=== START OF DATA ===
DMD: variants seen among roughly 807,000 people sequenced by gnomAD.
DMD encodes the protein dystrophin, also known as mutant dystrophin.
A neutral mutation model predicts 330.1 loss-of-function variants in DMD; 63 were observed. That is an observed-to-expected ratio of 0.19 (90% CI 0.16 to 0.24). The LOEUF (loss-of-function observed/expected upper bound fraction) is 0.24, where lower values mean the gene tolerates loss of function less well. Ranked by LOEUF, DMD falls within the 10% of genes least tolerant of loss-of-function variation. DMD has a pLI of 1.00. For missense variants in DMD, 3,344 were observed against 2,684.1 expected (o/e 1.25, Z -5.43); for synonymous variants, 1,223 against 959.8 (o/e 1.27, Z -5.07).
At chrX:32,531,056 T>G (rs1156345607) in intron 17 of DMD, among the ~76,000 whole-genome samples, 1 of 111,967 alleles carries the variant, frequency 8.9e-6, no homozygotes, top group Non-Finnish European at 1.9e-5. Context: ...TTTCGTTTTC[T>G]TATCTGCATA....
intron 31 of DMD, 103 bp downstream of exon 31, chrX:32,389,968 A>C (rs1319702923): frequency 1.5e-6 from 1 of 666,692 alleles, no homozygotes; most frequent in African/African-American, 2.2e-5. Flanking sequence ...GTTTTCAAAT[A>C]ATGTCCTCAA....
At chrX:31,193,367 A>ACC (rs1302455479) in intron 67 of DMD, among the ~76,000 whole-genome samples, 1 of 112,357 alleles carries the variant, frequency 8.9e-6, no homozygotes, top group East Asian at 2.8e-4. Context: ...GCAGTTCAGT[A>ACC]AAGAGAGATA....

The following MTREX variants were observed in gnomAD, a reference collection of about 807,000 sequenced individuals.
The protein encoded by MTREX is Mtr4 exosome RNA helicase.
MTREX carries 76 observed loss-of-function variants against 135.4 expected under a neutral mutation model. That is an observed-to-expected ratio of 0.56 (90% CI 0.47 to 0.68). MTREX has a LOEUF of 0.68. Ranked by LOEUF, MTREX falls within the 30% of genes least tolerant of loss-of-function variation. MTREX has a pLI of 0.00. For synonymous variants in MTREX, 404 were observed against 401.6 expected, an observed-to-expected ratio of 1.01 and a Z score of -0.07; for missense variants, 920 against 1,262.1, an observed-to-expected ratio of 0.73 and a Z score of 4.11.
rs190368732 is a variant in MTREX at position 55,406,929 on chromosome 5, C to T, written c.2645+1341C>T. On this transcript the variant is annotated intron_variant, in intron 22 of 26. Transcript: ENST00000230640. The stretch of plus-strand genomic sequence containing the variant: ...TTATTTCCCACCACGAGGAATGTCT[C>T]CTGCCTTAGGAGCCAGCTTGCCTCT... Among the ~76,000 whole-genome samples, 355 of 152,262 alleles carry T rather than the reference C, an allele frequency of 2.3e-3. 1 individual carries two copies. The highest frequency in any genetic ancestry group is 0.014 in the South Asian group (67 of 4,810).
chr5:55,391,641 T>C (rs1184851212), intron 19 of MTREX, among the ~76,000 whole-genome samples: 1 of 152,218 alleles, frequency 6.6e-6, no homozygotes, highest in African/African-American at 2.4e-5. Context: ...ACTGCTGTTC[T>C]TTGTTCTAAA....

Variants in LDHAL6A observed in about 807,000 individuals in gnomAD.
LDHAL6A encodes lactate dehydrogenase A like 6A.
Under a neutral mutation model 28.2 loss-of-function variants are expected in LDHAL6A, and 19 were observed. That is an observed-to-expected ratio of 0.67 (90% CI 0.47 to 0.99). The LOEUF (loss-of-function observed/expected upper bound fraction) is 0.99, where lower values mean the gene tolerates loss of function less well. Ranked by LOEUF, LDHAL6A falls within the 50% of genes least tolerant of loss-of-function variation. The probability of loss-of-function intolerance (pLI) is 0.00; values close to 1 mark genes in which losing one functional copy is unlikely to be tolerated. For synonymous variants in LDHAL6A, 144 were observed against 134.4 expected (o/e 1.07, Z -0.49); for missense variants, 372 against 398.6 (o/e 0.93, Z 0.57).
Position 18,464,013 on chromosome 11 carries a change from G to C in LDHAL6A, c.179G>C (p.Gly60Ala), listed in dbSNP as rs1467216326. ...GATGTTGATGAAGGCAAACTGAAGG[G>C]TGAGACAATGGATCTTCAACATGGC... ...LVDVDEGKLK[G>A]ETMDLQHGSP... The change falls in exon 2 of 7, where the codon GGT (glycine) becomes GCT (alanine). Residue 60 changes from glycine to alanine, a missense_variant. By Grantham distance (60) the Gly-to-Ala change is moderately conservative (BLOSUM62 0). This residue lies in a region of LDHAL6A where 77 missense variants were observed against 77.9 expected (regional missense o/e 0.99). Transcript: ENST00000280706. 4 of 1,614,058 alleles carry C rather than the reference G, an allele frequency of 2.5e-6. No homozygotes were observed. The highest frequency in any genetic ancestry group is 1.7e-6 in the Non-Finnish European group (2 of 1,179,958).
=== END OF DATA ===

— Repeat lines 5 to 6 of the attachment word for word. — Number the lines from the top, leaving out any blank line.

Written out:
intron 31 of DMD, 103 bp downstream of exon 31, chrX:32,389,968 A>C (rs1319702923): frequency 1.5e-6 from 1 of 666,692 alleles, no homozygotes; most frequent in African/African-American, 2.2e-5. Flanking sequence ...GTTTTCAAAT[A>C]ATGTCCTCAA....
At chrX:31,193,367 A>ACC (rs1302455479) in intron 67 of DMD, among the ~76,000 whole-genome samples, 1 of 112,357 alleles carries the variant, frequency 8.9e-6, no homozygotes, top group East Asian at 2.8e-4. Context: ...GCAGTTCAGT[A>ACC]AAGAGAGATA....